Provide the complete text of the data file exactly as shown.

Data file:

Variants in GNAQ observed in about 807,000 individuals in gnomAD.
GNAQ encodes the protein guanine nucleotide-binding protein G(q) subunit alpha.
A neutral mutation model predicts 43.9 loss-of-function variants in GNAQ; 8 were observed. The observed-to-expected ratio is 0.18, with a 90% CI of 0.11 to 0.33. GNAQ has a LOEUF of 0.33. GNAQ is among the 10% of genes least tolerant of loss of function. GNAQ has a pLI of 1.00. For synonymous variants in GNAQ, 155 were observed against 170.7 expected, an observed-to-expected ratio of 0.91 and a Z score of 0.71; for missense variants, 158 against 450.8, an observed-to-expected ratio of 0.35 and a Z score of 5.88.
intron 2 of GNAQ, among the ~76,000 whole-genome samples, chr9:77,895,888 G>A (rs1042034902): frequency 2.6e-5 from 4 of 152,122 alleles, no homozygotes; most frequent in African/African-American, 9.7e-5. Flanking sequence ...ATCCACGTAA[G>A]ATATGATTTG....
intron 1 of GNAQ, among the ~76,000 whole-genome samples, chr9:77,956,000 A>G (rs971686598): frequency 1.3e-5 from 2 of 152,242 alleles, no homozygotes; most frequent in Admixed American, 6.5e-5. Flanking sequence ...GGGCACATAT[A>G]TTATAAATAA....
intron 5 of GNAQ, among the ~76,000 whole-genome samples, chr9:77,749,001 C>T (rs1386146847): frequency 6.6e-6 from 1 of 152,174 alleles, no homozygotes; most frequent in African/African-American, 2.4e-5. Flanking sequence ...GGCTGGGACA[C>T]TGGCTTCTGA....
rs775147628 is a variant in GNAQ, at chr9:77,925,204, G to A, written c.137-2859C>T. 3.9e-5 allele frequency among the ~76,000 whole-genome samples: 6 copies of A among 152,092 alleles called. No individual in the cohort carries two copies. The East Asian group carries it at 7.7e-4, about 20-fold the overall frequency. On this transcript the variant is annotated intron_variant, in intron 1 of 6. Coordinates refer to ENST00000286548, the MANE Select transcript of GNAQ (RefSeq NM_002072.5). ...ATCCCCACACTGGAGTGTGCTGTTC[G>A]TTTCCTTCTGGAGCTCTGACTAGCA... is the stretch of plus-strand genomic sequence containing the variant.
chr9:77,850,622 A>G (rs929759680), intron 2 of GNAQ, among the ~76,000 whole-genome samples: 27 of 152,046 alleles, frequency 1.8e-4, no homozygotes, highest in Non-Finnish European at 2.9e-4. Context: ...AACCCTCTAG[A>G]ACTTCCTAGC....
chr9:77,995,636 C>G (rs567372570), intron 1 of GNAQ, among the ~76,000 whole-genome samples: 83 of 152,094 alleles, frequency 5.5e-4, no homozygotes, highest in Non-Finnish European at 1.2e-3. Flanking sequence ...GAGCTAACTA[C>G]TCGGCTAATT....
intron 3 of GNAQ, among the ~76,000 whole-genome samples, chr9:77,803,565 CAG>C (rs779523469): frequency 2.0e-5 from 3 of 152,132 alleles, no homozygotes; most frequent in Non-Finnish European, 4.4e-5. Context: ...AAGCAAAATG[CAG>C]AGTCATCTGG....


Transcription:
Variants in GNAQ observed in about 807,000 individuals in gnomAD.
GNAQ encodes the protein guanine nucleotide-binding protein G(q) subunit alpha.
A neutral mutation model predicts 43.9 loss-of-function variants in GNAQ; 8 were observed. The observed-to-expected ratio is 0.18, with a 90% CI of 0.11 to 0.33. GNAQ has a LOEUF of 0.33. GNAQ is among the 10% of genes least tolerant of loss of function. GNAQ has a pLI of 1.00. For synonymous variants in GNAQ, 155 were observed against 170.7 expected, an observed-to-expected ratio of 0.91 and a Z score of 0.71; for missense variants, 158 against 450.8, an observed-to-expected ratio of 0.35 and a Z score of 5.88.
intron 2 of GNAQ, among the ~76,000 whole-genome samples, chr9:77,895,888 G>A (rs1042034902): frequency 2.6e-5 from 4 of 152,122 alleles, no homozygotes; most frequent in African/African-American, 9.7e-5. Flanking sequence ...ATCCACGTAA[G>A]ATATGATTTG....
intron 1 of GNAQ, among the ~76,000 whole-genome samples, chr9:77,956,000 A>G (rs971686598): frequency 1.3e-5 from 2 of 152,242 alleles, no homozygotes; most frequent in Admixed American, 6.5e-5. Flanking sequence ...GGGCACATAT[A>G]TTATAAATAA....
intron 5 of GNAQ, among the ~76,000 whole-genome samples, chr9:77,749,001 C>T (rs1386146847): frequency 6.6e-6 from 1 of 152,174 alleles, no homozygotes; most frequent in African/African-American, 2.4e-5. Flanking sequence ...GGCTGGGACA[C>T]TGGCTTCTGA....
rs775147628 is a variant in GNAQ, at chr9:77,925,204, G to A, written c.137-2859C>T. 3.9e-5 allele frequency among the ~76,000 whole-genome samples: 6 copies of A among 152,092 alleles called. No individual in the cohort carries two copies. The East Asian group carries it at 7.7e-4, about 20-fold the overall frequency. On this transcript the variant is annotated intron_variant, in intron 1 of 6. Coordinates refer to ENST00000286548, the MANE Select transcript of GNAQ (RefSeq NM_002072.5). ...ATCCCCACACTGGAGTGTGCTGTTC[G>A]TTTCCTTCTGGAGCTCTGACTAGCA... is the stretch of plus-strand genomic sequence containing the variant.
chr9:77,850,622 A>G (rs929759680), intron 2 of GNAQ, among the ~76,000 whole-genome samples: 27 of 152,046 alleles, frequency 1.8e-4, no homozygotes, highest in Non-Finnish European at 2.9e-4. Context: ...AACCCTCTAG[A>G]ACTTCCTAGC....
chr9:77,995,636 C>G (rs567372570), intron 1 of GNAQ, among the ~76,000 whole-genome samples: 83 of 152,094 alleles, frequency 5.5e-4, no homozygotes, highest in Non-Finnish European at 1.2e-3. Flanking sequence ...GAGCTAACTA[C>G]TCGGCTAATT....
intron 3 of GNAQ, among the ~76,000 whole-genome samples, chr9:77,803,565 CAG>C (rs779523469): frequency 2.0e-5 from 3 of 152,132 alleles, no homozygotes; most frequent in Non-Finnish European, 4.4e-5. Context: ...AAGCAAAATG[CAG>C]AGTCATCTGG....